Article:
In the media, this is often attributed to a group of about 100–150 former Iraqi military officers who have acted as key commanders, planners, and generals for Da’ish. It is frequently claimed that this group brought expert planning and leadership, military discipline, and a genius for war-making to Da’ish’s military operations. That’s mostly nonsense. First, Da’ish was a pretty big military organization—with about 10,000 fighters at the time of their greatest successes in 2014, and perhaps as many as 50,000 fighters at their height in 2015—and such a small number of highly-competent officers is unlikely to have had that kind of impact on so large a force. Second, we have a great deal of information indicating that many of Da’ish’s best commanders were not former officers in Saddam’s army, and were not even Iraqis. Finally, let’s remember that Saddam’s army was pretty rotten. Just having been an officer in Saddam’s army was no guarantee that you knew what you were doing. The vast majority of them didn’t. Not even at their height in 1987–1991 did the Iraqi military evince much military genius. (Understand that for many Iraqis, this is another way of blaming the United States and Nuri al-Maliki for Da’ish: the United States for disbanding Saddam’s army in 2003, and Maliki for refusing to retain Sunni officers in the ISF, both of which pushed many Sunni former Iraqi military personnel out of the Iraqi armed forces into the arms of AQI and Da’ish.)

Please understand that I am not denying that these men exist or that they did not make important contributions to Da’ish’s military fortunes, only that their role has been exaggerated and the reason that they have contributed has little to do with their service in Saddam’s army. There are tens of thousands of former Iraqi soldiers who fought with Da’ish, and before that with AQI. What is important about those who have become key leaders of Da’ish is that they were the ones who survived and thrived through the American occupation, the 2005–2008 Iraqi Civil War, the Surge, and then the Syrian Civil War. The vast majority didn’t. They got killed. They got injured. They got tired. They got sidelined. Unlike all of the rest, these 100–150 men figured out how to fight, how to stay alive, and how to succeed in this kind of warfare. That is why they advanced through Da’ish’s ranks and why they became important members of Da’ish’s command staff.

They seem to have some degree of camaraderie as a result of this shared apprenticeship in Saddam’s army, and some no doubt learned some useful things there, but it was not their service in Saddam’s army that made them able military commanders. It is the fact that they had innate qualities that enabled them to get something out of service in the Iraqi army—which millions of other Iraqis who also served in the Iraqi army lacked and so got nothing from—that made them successful. In an army as large as Saddam’s was, with hundreds of thousands of troops and tens of thousands of officers, it is not surprising to find several hundred very good officers. And placed in the right circumstances, those very good officers can emerge, demonstrate their abilities, learn from experience, and become quite formidable strategists, planners, and field commanders. That is what happened with these men and what made them good commanders, not anything they got from Saddam’s army—which millions of others had passed through without benefit, either to Saddam or Da’ish.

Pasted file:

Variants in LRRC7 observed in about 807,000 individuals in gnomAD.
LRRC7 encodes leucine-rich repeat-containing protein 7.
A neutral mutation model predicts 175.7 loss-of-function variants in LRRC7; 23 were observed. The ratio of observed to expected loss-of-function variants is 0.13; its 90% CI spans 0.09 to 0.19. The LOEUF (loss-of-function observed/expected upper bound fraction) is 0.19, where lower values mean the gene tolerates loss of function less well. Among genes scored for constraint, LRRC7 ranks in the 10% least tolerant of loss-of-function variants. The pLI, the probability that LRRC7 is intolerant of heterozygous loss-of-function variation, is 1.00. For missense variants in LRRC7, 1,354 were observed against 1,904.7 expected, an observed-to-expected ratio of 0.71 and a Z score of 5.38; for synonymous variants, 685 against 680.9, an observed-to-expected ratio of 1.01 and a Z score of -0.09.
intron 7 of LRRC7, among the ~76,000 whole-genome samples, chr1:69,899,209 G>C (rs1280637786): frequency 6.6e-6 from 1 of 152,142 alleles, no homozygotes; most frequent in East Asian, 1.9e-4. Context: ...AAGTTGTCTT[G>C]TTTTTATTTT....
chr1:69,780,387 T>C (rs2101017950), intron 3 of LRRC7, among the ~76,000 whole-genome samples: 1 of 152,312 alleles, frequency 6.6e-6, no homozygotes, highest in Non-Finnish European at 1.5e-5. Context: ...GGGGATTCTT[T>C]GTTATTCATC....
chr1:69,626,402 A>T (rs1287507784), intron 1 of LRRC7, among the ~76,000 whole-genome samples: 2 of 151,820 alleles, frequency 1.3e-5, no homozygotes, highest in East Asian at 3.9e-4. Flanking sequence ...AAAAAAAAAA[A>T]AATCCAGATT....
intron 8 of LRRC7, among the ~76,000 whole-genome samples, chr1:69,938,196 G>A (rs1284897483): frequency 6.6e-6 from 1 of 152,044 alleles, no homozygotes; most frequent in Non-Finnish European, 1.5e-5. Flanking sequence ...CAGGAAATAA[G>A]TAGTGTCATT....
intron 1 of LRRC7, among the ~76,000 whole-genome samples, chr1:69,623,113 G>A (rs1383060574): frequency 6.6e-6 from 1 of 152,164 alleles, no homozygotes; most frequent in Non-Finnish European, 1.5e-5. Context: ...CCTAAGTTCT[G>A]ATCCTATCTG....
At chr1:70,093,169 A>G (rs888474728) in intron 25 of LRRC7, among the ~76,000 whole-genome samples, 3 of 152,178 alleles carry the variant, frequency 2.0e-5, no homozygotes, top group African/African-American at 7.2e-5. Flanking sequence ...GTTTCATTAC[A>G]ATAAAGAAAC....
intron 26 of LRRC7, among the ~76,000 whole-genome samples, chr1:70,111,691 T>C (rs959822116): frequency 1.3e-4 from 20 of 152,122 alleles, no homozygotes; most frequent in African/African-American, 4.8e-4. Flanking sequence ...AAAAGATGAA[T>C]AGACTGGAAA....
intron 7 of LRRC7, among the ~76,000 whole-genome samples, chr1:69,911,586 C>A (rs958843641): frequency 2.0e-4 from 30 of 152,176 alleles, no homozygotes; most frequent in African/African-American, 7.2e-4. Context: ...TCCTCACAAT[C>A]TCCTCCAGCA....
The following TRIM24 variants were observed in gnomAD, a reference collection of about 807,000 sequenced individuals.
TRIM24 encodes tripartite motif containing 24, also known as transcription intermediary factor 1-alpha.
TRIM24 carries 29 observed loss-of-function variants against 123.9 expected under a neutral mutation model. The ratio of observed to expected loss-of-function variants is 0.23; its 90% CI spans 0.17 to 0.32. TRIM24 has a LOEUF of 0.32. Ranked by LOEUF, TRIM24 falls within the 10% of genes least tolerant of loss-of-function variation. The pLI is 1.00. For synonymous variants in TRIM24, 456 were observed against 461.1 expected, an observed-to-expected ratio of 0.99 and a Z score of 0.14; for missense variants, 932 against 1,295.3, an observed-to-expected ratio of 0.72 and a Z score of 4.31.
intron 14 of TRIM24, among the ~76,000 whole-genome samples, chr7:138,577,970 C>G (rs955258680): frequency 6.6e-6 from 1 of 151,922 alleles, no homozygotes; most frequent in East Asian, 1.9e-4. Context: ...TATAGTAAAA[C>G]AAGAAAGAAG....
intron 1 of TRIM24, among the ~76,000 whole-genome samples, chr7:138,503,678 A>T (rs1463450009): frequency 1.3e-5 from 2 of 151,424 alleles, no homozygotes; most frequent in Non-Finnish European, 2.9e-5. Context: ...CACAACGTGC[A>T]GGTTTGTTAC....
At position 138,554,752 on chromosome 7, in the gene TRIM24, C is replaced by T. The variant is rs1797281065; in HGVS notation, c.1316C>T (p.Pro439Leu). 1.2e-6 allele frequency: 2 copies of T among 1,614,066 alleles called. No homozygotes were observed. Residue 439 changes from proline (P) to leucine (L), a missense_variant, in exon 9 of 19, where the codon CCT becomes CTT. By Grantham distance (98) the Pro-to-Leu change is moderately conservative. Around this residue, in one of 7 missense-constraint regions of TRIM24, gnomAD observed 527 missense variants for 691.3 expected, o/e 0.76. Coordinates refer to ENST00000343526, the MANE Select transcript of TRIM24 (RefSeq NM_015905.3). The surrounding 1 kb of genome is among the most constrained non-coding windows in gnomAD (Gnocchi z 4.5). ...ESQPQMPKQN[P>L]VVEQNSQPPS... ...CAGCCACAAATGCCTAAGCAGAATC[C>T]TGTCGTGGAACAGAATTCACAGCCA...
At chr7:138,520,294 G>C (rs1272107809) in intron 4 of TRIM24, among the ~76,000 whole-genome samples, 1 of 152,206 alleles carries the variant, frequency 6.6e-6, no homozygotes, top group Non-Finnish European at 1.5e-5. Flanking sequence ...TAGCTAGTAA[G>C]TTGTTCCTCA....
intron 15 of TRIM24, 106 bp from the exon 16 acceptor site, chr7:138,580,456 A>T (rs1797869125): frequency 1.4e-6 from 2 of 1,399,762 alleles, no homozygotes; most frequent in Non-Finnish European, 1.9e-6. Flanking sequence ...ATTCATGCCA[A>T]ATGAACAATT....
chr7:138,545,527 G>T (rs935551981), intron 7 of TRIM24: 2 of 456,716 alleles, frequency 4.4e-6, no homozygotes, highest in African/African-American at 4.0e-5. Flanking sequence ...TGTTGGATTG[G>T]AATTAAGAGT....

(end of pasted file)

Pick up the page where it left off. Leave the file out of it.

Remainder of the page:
Finally, to the extent that they deserve credit for Da’ish’s greater effective- ness, their impact was probably greatest in the early days of Da’ish’s success. At that time the organization was smaller, allowing a relatively small group of competent leaders to have greater impact. They also had far greater freedom of action then. At first, none of their primary foes—the Iraqi government, the Syrian regime, the Kurds, the Iranians, the United States—took them seriously, and so they could do more with the limited resources at their disposal. Once they had shocked the world with their run of victories, they quickly lost those early advantages and their limitations became far more pronounced.

An Unorthodox Hierarchy.

You may have noticed that I used the phrase “placed in the right circumstances” in the last paragraph. That was not an offhand reference. It isn’t just that these competent officers succeeded in the Darwinian struggles of the Iraqi and Syrian civil wars, it is that Da’ish’s structure enabled them to emerge and then took advantage of their qualities in ways that other militaries (including Saddam’s) did not.

Like Hizballah, Da’ish as a conventional army grew out of a terrorist group (AQI and al-Qa’ida before that). That is a very different pedigree from most militaries, and certainly from most Arab state armies. Because of it, Da’ish’s organization was very different from that of most conventional militaries. In particular, it retained a highly cellular structure like the terrorist group it once was. Even as a conventional army, it was broken up into platoon-sized formations that had a high degree of autonomy. As Knights and Mello have described it, “A typical attack force comprises 20–40 foot soldiers—historically the size of the average insurgent cell, including indirect-fire, IED-laying/ triggering teams, RPG/ambush teams, etc.—plus three to five armored and unarmored utility vehicles, with a couple of heavy support weapons. When larger attacks are undertaken, it is usually coordinated, simultaneous but only loosely connected activity by these small war bands, not a larger unit action per se.”